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Action on contract. McDuffie Superior Court. Before Judge Davis.
C & S enumerates as error two of the general grounds, i.e., that the judgment is contrary to the law and to the evidence. OCGA 5-6-36 (a); see Towns v. State, 185 Ga. App. 545 (365 SE2d 137) (1988); Stinson v. State, 185 Ga. App. 543 (364 SE2d 910) (1988).
Craft bought her 1986 Charger in April 1986 from a dealer for $9,884. Her conditional sales contract was then assigned to C & S. In April 1987, Craft notified C & S she could not maintain the payments and during the week before May 1 she returned the car to the dealer. C & S retrieved the car and sent Craft the notice letter required by OCGA 10-1-36 on May 6, 1987. The car was then sold at private sale on May 28, 1987, bringing $3,900.
C & S argues that the verdict is contrary to law and the evidence because it proved the sale was commercially reasonable. As acknowledged by C & S, "the burden of showing that the disposition of collateral pursuant to [OCGA 9-11-504] was commercially reasonable rests with the secured party. [Cit.] This burden may not be satisfied without establishing affirmatively that the 'terms' of the sale were commercially reasonable. This includes a burden upon the secured party to show that the resale price was the fair and reasonable value of the collateral." Wagner v. Ford Motor Credit Co., 155 Ga. App. 729, 730 (3) (272 SE2d 500) (1980). What C & S asks is for us to hold as a matter of law that the bank officer's opinion of the worth of the car was sufficient to legally require a finding in its favor. We cannot. See Farmers Bank, Union Point v. Hubbard, 247 Ga. 431, 437 (276 SE2d 622) (1981); Wagner, supra.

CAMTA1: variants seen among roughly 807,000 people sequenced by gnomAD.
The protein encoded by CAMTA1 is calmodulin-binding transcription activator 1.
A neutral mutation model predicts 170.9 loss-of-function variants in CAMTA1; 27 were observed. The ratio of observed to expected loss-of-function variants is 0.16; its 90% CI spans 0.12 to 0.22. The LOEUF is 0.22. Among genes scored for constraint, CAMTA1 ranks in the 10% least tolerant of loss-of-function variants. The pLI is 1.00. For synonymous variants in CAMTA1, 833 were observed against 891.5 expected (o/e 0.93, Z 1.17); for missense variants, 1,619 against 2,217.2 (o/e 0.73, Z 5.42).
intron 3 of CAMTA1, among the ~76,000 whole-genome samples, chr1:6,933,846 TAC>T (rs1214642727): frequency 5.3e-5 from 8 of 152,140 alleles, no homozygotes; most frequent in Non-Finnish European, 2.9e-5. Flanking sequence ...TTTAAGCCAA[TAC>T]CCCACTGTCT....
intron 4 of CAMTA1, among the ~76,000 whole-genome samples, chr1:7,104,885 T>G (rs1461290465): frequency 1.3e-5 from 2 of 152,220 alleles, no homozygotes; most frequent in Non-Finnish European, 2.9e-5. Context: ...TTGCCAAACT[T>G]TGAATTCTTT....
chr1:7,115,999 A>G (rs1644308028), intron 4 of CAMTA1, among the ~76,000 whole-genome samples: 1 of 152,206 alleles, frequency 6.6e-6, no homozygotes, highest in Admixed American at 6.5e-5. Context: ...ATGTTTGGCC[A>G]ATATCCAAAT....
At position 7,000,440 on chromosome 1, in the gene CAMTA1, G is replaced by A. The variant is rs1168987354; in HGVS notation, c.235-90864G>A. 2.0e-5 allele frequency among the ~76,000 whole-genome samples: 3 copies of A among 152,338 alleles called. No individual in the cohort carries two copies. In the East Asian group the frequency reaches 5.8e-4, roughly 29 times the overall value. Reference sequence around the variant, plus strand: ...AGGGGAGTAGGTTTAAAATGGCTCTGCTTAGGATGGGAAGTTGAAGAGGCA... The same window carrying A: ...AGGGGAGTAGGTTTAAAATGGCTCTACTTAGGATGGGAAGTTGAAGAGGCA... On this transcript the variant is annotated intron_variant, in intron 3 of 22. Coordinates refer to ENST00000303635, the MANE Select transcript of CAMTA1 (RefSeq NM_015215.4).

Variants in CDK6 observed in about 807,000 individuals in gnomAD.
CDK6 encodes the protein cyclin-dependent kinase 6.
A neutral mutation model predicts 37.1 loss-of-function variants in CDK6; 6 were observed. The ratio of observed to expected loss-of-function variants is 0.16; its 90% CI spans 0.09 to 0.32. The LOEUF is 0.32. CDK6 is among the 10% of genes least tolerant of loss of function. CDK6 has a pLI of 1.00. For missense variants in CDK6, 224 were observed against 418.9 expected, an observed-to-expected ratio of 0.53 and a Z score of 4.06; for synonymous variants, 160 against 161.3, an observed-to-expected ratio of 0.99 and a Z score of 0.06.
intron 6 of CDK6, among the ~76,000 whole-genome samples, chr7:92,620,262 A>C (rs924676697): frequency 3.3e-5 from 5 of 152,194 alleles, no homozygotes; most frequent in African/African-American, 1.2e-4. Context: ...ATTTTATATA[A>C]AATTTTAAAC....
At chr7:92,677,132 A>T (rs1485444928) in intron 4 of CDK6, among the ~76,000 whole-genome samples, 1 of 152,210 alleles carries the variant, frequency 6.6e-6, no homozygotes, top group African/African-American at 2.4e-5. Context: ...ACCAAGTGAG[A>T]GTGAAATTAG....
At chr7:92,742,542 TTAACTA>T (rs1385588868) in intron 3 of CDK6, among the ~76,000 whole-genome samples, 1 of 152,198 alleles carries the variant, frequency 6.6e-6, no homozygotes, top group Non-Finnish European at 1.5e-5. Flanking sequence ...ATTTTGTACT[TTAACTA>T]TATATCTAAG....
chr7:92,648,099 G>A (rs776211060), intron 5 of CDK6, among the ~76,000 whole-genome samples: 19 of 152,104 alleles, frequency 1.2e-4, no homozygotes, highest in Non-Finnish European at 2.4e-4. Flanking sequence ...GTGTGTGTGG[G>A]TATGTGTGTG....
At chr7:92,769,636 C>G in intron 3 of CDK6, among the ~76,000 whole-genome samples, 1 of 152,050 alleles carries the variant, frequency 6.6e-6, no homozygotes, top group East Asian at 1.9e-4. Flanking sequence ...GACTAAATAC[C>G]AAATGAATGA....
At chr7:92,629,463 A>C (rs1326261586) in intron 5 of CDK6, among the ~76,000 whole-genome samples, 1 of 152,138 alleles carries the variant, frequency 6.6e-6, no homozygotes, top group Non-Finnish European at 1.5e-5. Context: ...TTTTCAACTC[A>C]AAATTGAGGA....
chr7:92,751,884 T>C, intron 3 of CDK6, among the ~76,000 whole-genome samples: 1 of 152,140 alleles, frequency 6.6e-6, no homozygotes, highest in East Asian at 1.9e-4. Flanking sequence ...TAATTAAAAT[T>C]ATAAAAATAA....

There was also a factual issue as to whether the bank had mailed the notice letter within ten days of the repossession. This was peculiarly a matter for the jury's determination and the jury may not have reached the issue of commercial reasonableness.
Dallas, Fowler & Wills, Samuel A. Fowler, Jr., for appellee.
J. David McRee, for appellant.
Thursday May 21 10:50 EDT

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